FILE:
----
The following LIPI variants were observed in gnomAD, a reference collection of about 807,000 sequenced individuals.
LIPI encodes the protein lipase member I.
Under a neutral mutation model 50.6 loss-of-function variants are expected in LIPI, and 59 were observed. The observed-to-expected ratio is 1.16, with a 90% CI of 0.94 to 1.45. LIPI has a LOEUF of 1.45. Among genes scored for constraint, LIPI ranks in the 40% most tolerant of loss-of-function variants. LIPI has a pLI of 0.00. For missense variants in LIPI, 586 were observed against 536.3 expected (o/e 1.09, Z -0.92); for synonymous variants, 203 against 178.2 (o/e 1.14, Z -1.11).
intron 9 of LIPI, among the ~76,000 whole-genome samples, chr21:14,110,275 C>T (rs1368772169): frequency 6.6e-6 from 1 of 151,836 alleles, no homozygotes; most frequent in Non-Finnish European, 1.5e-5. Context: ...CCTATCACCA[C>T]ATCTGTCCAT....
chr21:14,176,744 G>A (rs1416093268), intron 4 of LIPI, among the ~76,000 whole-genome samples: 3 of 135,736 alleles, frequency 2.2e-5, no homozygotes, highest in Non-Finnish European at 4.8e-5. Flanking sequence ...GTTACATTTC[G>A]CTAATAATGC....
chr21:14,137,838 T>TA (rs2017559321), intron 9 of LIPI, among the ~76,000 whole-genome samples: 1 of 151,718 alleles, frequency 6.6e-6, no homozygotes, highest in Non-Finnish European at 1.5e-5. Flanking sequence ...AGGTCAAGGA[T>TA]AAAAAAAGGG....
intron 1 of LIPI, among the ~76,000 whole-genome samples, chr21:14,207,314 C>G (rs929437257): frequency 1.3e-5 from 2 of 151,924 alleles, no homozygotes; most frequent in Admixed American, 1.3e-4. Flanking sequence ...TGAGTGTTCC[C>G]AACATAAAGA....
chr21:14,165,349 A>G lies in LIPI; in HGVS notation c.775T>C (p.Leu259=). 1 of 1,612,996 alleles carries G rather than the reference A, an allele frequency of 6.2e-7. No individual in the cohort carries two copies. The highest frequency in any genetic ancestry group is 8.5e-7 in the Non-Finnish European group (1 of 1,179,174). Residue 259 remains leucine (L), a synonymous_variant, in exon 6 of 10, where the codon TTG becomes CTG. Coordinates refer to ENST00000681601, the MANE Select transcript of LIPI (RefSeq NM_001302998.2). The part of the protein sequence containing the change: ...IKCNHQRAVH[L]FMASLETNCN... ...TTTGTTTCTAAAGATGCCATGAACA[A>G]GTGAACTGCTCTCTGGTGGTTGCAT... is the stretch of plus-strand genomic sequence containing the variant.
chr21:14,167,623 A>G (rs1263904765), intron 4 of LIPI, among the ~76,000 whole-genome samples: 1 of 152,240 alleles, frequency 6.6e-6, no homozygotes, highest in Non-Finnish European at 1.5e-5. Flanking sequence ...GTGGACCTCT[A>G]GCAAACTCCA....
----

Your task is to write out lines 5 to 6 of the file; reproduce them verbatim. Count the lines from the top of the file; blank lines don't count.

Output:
chr21:14,176,744 G>A (rs1416093268), intron 4 of LIPI, among the ~76,000 whole-genome samples: 3 of 135,736 alleles, frequency 2.2e-5, no homozygotes, highest in Non-Finnish European at 4.8e-5. Flanking sequence ...GTTACATTTC[G>A]CTAATAATGC....
chr21:14,137,838 T>TA (rs2017559321), intron 9 of LIPI, among the ~76,000 whole-genome samples: 1 of 151,718 alleles, frequency 6.6e-6, no homozygotes, highest in Non-Finnish European at 1.5e-5. Flanking sequence ...AGGTCAAGGA[T>TA]AAAAAAAGGG....